Almost all of my friends growing up were athletic. They played soccer and softball and basketball. I did ballet and swim lessons. I don’t think I really started to notice until middle school, when school sports teams were cool and I was not on one. I was a small kid and I began to dread PE class, with all the running and throwing and catching… I am one of the least coordinated people (when it comes to conventional sports at least) that I know – when I later started playing ultimate Frisbee, it took me a solid year to learn to throw a forehand, something I’ve since seen new players learn in a matter of days.
But just before my self-esteem could take a permanent dive, I found rock climbing. I rejoiced in this activity that felt natural to me, unlike traditional sports. My natural balance and strong shoulders from years of swimming meant that I could already climb routes that challenged my more athletically-disposed friends.
I dived in headfirst and took my first trip to Joshua Tree National Park when I was 14, where I first discovered my niche within climbing. It was on this trip that I encountered my first hand crack. It was short, vertical, and rated 5.10a, and it was close to impossible without using the appropriate crack technique. I must have struggled for twenty minutes at the base of the route, but when I finally executed my first perfect hand jam, it was amazing. The route suddenly became easy, even though 5.10a was still a challenging grade for me at the time.
As the years passed and I learned to lead climb, my love for crack climbing grew. Physically, climbing cracks allowed me to use my technique and footwork, rather than requiring raw power and crimp strength. Mentally, leading cracks also appealed to me – figuring out which gear to place at each point and then fitting it in with the sequence of moves was an exciting puzzle for me to solve. It also eliminated the frustration and fear I often faced when leading sport climbs (clipping bolts instead of placing my own gear) when bolts were placed too far above a clipping stance for me to reach, or when the protection was more run-out than I would have liked.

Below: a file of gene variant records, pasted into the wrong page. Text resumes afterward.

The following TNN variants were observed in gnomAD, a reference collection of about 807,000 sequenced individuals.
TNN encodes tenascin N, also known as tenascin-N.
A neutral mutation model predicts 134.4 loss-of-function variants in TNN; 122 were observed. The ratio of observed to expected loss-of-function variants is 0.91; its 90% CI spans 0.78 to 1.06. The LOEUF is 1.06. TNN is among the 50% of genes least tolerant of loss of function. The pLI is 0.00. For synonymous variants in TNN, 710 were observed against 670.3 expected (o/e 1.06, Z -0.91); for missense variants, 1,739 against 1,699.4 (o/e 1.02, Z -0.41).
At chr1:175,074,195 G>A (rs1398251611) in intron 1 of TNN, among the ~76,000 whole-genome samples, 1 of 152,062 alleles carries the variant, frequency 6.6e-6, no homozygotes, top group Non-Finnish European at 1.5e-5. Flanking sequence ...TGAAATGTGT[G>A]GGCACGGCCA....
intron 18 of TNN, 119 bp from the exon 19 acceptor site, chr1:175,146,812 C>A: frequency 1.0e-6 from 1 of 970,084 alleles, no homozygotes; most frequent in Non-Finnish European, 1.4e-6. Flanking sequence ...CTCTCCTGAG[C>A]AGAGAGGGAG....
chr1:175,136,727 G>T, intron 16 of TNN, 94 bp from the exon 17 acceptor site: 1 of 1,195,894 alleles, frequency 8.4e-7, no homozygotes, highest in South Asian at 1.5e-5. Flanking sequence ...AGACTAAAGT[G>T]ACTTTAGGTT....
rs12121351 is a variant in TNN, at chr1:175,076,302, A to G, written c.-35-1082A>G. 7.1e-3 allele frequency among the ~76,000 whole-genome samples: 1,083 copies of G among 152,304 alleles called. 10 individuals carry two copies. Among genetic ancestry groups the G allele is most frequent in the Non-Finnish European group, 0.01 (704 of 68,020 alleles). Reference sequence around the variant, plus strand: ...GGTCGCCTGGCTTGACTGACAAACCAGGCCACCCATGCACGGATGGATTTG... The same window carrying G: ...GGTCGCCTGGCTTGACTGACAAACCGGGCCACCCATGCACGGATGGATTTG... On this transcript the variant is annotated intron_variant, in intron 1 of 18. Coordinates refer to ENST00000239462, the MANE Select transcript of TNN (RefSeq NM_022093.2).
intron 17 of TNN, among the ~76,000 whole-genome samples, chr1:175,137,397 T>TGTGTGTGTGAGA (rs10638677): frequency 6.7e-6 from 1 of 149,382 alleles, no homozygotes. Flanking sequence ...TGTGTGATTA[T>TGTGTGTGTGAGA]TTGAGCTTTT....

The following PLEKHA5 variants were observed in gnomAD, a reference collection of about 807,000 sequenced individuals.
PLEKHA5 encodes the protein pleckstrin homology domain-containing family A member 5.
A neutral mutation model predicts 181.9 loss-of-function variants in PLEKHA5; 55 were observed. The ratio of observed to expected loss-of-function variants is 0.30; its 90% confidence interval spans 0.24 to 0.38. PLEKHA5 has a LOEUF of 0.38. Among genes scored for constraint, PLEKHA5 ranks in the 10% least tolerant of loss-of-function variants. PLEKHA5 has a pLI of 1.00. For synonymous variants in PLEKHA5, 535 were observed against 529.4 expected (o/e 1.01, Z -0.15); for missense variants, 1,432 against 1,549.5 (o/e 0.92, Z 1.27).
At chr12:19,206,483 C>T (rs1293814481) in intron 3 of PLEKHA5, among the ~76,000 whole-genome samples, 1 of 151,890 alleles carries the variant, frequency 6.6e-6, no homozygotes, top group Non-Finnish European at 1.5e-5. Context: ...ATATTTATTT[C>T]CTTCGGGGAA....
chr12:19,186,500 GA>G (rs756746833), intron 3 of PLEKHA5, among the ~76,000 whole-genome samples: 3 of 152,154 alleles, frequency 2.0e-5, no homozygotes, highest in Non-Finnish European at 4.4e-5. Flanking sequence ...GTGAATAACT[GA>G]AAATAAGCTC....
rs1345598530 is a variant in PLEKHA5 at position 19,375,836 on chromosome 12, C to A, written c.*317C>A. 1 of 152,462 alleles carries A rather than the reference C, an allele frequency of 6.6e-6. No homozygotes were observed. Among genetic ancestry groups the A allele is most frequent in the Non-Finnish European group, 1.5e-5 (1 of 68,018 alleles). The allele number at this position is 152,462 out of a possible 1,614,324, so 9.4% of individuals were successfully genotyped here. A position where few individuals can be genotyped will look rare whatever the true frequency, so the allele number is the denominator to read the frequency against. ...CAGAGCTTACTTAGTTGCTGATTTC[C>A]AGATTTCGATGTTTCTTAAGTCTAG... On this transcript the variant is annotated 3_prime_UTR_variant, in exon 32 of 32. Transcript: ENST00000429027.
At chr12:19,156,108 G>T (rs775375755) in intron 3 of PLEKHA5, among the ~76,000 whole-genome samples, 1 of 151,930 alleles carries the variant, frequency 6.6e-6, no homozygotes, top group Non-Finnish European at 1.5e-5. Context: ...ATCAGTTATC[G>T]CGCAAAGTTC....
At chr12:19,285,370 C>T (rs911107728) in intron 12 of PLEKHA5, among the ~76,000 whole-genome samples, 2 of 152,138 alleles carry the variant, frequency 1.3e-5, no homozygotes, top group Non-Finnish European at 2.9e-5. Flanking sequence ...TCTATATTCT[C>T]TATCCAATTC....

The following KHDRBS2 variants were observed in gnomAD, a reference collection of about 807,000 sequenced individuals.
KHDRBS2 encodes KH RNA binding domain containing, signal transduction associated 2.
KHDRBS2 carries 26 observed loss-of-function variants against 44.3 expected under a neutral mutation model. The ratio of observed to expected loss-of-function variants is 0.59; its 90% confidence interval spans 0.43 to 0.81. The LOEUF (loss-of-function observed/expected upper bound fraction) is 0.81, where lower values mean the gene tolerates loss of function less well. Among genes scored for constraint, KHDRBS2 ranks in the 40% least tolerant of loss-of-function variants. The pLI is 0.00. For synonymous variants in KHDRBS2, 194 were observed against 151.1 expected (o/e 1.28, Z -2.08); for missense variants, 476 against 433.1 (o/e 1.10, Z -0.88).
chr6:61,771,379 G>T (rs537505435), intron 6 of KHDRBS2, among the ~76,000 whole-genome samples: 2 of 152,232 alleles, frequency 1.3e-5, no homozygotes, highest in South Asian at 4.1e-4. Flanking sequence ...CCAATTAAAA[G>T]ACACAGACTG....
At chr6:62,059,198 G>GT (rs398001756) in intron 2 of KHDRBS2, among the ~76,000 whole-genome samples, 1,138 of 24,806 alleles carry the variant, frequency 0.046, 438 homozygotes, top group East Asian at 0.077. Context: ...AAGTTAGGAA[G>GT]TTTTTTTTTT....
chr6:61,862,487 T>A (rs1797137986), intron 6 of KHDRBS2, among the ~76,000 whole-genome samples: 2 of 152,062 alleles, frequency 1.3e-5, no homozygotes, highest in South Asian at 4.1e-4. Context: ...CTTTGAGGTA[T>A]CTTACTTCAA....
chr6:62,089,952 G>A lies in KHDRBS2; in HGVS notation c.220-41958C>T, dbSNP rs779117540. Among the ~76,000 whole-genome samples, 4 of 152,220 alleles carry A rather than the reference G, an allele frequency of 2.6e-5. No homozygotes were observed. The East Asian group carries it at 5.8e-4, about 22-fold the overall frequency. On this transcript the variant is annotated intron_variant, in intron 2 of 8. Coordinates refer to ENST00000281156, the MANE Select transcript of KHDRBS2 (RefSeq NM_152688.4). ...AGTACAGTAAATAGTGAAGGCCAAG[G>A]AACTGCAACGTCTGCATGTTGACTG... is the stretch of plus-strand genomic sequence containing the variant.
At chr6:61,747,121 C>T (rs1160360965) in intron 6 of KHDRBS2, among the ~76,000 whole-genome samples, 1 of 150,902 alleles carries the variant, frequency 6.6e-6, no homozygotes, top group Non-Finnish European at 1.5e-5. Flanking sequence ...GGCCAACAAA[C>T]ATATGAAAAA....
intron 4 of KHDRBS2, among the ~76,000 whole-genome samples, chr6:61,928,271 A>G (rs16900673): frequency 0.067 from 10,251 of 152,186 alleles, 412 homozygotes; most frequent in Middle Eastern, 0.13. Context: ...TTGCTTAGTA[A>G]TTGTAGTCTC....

Furthermore, crack climbing is a necessary skill for many of the most classic and awesome multi-pitch climbing objectives. Big classic routes in Yosemite, Zion, the North Cascades of Washington, Squamish, etc. – you can’t climb these without the skills to climb and protect crack climbs. Although I often prefer the relaxation of cragging, I, like many climbers, enjoy my spectacular summits, too. Climbing multi-pitch trad routes has brought me on amazing adventures in wild places – these experiences are an integral part of why I love to climb.
Through crack climbing I have become a happier, more confident person. My hardest single-pitch sends have all been on crack climbs and I have to admit, along with the adrenaline surge of sending, I love the look of awe on dudes’ faces when I get back to the ground. Before, that would have embarrassed me, but now I’m proud of my accomplishments, rather than offering up some excuse why the route was easier for me. I’m proud of the faint scars on the backs of my hands from all those pitches of jamming. I’m proud of the creativity it takes to climb a beautiful, splitter crack. Instead of a set sequence of chalked crimps, gastons, and slopers, it’s up to me to decide whether to jam my hands or fingers thumbs up or down, whether to shuffle my hands or cross-through, whether to jam or smear my feet… the list goes on. Crack climbing, to me, is the ultimate freedom of expression in climbing – just testing my strength, skills, and imagination against the rock. It doesn’t matter anymore that I can’t play soccer or catch a ball – when I’m trying my hardest, it’s an all-consuming activity physically, mentally, and emotionally. I’ve yet to find another activity that is so completely demanding and yet completely fulfilling at the same time. And that is why I climb cracks.
Lizzy is a grad student at Stanford working towards a PhD in geology. She likes to study really old (3.5 billion years old) rocks that are generally no good for climbing. You can read about the adventures of Lizzy and her fiancé Luke at their blog, Dream in Vertical, or follow Lizzy on Twitter.
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